Ohaio,

It is interesting to analyse segments created by algorithms. Product managers and marketers will find it a somewhat unbiased way to make sense of customer data. The algorithms can work well but it helps to have a sufficient grasp of statistics and understand the limitations of each model.

I thought it would be useful to write about clustering a retail dataset. We’ll pick a popular machine learning model, not sure which one (it’ll be k-means clustering, probably).

### Python for machine learning

I will be using Python. If you haven’t yet learned how to create a new Python environment follow this article:

https://freshprinceofstandarderror.com/ai/setting-up-your-data-science-environment/

Once you’ve set up your environment install the following:

conda install -c anaconda scikit-learn conda install -c anaconda seaborn

Seaborn is a visualisation library and scikit-learn is a machine learning library. Use Pandas to open the Online Retail II dataset from 2019. It should be installed already since it is a seaborn dependency.

Dataset: https://archive.ics.uci.edu/ml/datasets/Online+Retail+II

import pandas as pd # https://archive.ics.uci.edu/ml/datasets/Online+Retail+II df = pd.read_excel('online_retail_II.xlsx')

If there is an error while opening the Excel file try to install xlrd or openpyxl using conda or pip.

conda install -c anaconda xlrd conda install -c anaconda openpyxl

df.describe()

Well, that dataset is half a million rows. Hopefully, you’re not using a potato to run Python.

### Examining the dataset

The goal is to cluster users, so examine the dataset with this in mind. Data needs to be of certain type and format to be fed into most algorithms. Ideally numerical data without NaNs.

df.tail()

Upon using the describe method earlier we have an idea what some of the numerical columns contain. I was horrified to see they sell something for -53,594 and equally horrified to see they sell something for 25,111 (min and max values for Price).

We can find those outliers for lols.

df[df.Price < 0]

The product they sell for negative amount is called Adjust bad debt.

df[df.Price > 10000]

With Amazon fees, bank charges and bad debt in the data set, it might be safer to call them bad values rather than outliers. I promise one day we will produce data without weird values but until then we clean up our datasets.

#### Cleaning the dataset to use clustering algorithms

Clean the data by picking prices that lie between some range. I use values greater than 0 and less than the .99th percentile for Price. The lower bound could be a percentile too but greater than 0 is a fine assumption. Perhaps the retailer had priced some products close to that value during promotions. Cheap but periodic loss leaders could be another reason those values would be meaningful.

This kind of judgement comes with domain expertise and knowing your company. Feel free to pick another lower bound. I also chose to remove values less than 0 for Customer ID and Quantity.

df = df[df['Price'].between(0,df['Price'].quantile(.99))] df = df[df['Customer ID'] > 0] df = df[df['Quantity'] > 0] df.describe()

That looks palatable. The data is ready for analysis.

#### What do I do with the clean data?

Grouping the dataset by the Customer ID will let us create clusters based on their purchase behaviour. However this means we’ll have to aggregate values per user.

For some of the columns such as Price it makes sense to use an average while for the others a frequency count. InvoiceDate is interesting because it requires some thinking. Since that column is a date it can be split into many numeric columns (ew) or turned into a day column.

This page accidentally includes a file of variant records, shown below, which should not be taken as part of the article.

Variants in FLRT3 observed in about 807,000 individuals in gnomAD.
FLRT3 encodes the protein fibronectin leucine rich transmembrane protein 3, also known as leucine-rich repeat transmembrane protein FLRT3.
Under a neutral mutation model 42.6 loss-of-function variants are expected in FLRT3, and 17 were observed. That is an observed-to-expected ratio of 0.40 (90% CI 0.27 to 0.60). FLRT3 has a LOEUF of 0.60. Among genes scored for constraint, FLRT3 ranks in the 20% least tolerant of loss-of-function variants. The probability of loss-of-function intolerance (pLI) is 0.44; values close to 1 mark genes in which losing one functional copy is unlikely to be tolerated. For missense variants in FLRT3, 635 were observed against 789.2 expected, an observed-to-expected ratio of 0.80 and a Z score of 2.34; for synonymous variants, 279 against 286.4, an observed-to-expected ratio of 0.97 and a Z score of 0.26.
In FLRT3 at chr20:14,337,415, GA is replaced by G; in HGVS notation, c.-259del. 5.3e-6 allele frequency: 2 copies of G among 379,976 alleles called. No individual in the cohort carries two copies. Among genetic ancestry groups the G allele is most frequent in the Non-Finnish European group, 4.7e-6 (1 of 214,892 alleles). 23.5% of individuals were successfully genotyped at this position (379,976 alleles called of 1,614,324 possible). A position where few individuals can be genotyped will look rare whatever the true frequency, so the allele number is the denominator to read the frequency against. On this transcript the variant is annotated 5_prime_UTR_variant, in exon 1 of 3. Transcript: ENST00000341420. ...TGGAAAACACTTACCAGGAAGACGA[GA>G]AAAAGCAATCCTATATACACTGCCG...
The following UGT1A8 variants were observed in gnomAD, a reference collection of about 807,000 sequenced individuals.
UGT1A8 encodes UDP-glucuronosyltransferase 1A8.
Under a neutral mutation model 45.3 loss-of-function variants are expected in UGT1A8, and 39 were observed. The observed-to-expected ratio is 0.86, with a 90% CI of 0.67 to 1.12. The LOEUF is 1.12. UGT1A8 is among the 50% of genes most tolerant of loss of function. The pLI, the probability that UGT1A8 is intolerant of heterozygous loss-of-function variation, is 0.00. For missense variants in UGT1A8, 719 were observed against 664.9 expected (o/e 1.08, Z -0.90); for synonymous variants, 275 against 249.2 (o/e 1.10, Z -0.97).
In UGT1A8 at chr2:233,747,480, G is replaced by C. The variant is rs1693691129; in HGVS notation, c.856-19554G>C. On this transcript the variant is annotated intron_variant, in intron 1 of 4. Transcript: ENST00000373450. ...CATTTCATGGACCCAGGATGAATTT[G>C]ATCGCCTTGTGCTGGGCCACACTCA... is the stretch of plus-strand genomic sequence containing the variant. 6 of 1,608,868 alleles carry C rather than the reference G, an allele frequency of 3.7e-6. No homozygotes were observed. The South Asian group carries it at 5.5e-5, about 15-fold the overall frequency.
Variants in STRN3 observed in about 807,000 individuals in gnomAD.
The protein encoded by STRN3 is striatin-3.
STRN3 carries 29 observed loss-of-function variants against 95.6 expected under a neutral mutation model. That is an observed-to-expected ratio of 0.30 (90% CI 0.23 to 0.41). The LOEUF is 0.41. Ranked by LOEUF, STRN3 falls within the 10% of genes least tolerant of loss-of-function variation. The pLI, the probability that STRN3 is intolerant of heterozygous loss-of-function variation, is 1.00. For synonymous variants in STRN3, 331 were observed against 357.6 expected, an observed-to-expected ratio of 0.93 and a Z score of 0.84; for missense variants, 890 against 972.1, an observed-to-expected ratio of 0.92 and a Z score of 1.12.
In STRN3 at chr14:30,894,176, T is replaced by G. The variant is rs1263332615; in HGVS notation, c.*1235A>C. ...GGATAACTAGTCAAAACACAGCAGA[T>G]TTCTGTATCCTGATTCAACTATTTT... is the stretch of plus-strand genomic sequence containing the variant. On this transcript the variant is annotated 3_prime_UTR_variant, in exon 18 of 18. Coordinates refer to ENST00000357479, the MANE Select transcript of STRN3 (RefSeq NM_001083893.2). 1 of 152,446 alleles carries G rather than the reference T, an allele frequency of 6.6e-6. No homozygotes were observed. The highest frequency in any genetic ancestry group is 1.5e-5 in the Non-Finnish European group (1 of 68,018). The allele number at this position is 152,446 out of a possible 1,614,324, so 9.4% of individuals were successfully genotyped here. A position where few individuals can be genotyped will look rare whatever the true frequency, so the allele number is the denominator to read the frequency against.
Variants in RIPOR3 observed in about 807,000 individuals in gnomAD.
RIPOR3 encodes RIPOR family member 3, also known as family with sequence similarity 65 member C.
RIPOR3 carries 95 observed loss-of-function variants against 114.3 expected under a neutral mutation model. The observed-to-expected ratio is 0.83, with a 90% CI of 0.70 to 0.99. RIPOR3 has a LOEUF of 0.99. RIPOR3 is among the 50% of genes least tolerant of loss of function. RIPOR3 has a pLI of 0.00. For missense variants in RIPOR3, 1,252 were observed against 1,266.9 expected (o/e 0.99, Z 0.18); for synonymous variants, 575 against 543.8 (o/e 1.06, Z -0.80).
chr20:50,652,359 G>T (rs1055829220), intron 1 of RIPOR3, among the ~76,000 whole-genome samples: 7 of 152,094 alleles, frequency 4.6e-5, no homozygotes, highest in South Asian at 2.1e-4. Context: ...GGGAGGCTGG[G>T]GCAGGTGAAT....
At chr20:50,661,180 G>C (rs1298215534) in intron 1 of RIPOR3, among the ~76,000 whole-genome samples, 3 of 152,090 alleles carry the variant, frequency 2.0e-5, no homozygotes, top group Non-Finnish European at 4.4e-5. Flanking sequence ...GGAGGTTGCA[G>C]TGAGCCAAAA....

Sometimes the day people make purchases can provide meaningful information. Your marketing team can provide inspiration for interesting segment names like ‘weekend shopaholics’ or ‘office-hour shopanista’.

The day cannot be used as a string in most algorithms so it must be mapped to a number. Mondays can be 1 etc.

df['Day'] = df['InvoiceDate'].dt.day_name().astype('category') df['Day_No'] = df['Day'].cat.codes

Converting the day to a category type and getting the category code is the simplest way. You’re welcome ?.

### Aggregating user data

Now we can group the data by Customer ID. I have created a simple set of rules for aggregation but feel free to create your own.

aggregation_rules = {'Invoice':'count', 'Quantity':'median', 'Day_No': lambda x : x.value_counts().index[0], 'Price':['median','mean']}

The rules are easy to understand, except for Day_No. The mode is a value that appears most often in a distribution. I am using that lambda expression to calculate mode in this instance rather than pd.Series.mode. That expression does not return a list when multiple days have the same frequency count unlike the pandas method.

Price is being aggregated by median and mean so people can see how to aggregate the same column with different functions. The median is a good statistical moment because it is invariant to outliers.

It is time to see the newly aggregated customer data.

kmeans_df = df.groupby('Customer ID').agg(aggregation_rules) kmeans_df.columns = ['_'.join(col).rstrip('_') for col in kmeans_df.columns.values]

Cool! We have the right data-types in a format that can be used as an input to a clustering algorithm.

### The k-means algorithm and unsupervised machine learning

Okay, so there are a few ways to implement the k-means clustering algorithm but this is the simplest and most intuitive.

Pick ‘k’ number of centroids, this is an input and has to be decided by the scientist, it is the number of clusters you want to create. Place those centroids randomly in space with the rest of your data points.

For each data point, measure the squared distance to the centroids. We care about the closest centroid to each data point. Assign each data point to be a part of the closest centroid. All the data points assigned to the same centroid make up that cluster.

Taking an average of a cluster provides the mean (k-mean) ?. Update or ‘move’ the the centroids to these newly calculated mean positions. The term centroid doesn’t make sense unless we relocate them close to the centre of their respective cluster! This step is easy to see in low dimensional visualisations.

Repeat the distance calculation and updating the centroids until the centroids stop moving. This is called letting the model converge. Meaning the loss has settled to an acceptable range and additional training wont improve the model.